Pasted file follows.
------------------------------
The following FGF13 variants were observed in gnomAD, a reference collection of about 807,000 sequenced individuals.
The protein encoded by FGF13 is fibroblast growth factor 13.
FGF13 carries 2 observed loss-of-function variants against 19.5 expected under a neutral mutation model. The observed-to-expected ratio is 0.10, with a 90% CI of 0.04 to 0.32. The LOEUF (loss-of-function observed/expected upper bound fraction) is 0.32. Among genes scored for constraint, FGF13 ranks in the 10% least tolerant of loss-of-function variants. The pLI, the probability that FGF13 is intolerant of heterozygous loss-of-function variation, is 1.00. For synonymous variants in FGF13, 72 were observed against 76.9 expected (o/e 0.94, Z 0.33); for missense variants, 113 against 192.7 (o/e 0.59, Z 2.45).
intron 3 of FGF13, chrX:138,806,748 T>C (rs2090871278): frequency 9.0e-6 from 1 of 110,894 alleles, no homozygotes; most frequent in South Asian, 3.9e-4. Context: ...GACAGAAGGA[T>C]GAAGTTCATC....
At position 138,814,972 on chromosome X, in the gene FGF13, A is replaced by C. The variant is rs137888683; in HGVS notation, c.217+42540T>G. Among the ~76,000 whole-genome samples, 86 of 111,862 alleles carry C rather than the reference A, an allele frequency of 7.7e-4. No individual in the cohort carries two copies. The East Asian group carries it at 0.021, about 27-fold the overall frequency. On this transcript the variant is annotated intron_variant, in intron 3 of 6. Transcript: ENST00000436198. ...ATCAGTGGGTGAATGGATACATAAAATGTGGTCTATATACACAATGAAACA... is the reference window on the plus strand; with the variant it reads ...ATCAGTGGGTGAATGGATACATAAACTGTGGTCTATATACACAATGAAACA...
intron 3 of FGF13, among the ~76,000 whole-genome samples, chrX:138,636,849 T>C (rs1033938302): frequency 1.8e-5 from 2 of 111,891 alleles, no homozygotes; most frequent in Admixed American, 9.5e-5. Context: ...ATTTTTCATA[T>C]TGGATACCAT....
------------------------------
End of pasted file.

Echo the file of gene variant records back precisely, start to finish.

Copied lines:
The following FGF13 variants were observed in gnomAD, a reference collection of about 807,000 sequenced individuals.
The protein encoded by FGF13 is fibroblast growth factor 13.
FGF13 carries 2 observed loss-of-function variants against 19.5 expected under a neutral mutation model. The observed-to-expected ratio is 0.10, with a 90% CI of 0.04 to 0.32. The LOEUF (loss-of-function observed/expected upper bound fraction) is 0.32. Among genes scored for constraint, FGF13 ranks in the 10% least tolerant of loss-of-function variants. The pLI, the probability that FGF13 is intolerant of heterozygous loss-of-function variation, is 1.00. For synonymous variants in FGF13, 72 were observed against 76.9 expected (o/e 0.94, Z 0.33); for missense variants, 113 against 192.7 (o/e 0.59, Z 2.45).
intron 3 of FGF13, chrX:138,806,748 T>C (rs2090871278): frequency 9.0e-6 from 1 of 110,894 alleles, no homozygotes; most frequent in South Asian, 3.9e-4. Context: ...GACAGAAGGA[T>C]GAAGTTCATC....
At position 138,814,972 on chromosome X, in the gene FGF13, A is replaced by C. The variant is rs137888683; in HGVS notation, c.217+42540T>G. Among the ~76,000 whole-genome samples, 86 of 111,862 alleles carry C rather than the reference A, an allele frequency of 7.7e-4. No individual in the cohort carries two copies. The East Asian group carries it at 0.021, about 27-fold the overall frequency. On this transcript the variant is annotated intron_variant, in intron 3 of 6. Transcript: ENST00000436198. ...ATCAGTGGGTGAATGGATACATAAAATGTGGTCTATATACACAATGAAACA... is the reference window on the plus strand; with the variant it reads ...ATCAGTGGGTGAATGGATACATAAACTGTGGTCTATATACACAATGAAACA...
intron 3 of FGF13, among the ~76,000 whole-genome samples, chrX:138,636,849 T>C (rs1033938302): frequency 1.8e-5 from 2 of 111,891 alleles, no homozygotes; most frequent in Admixed American, 9.5e-5. Context: ...ATTTTTCATA[T>C]TGGATACCAT....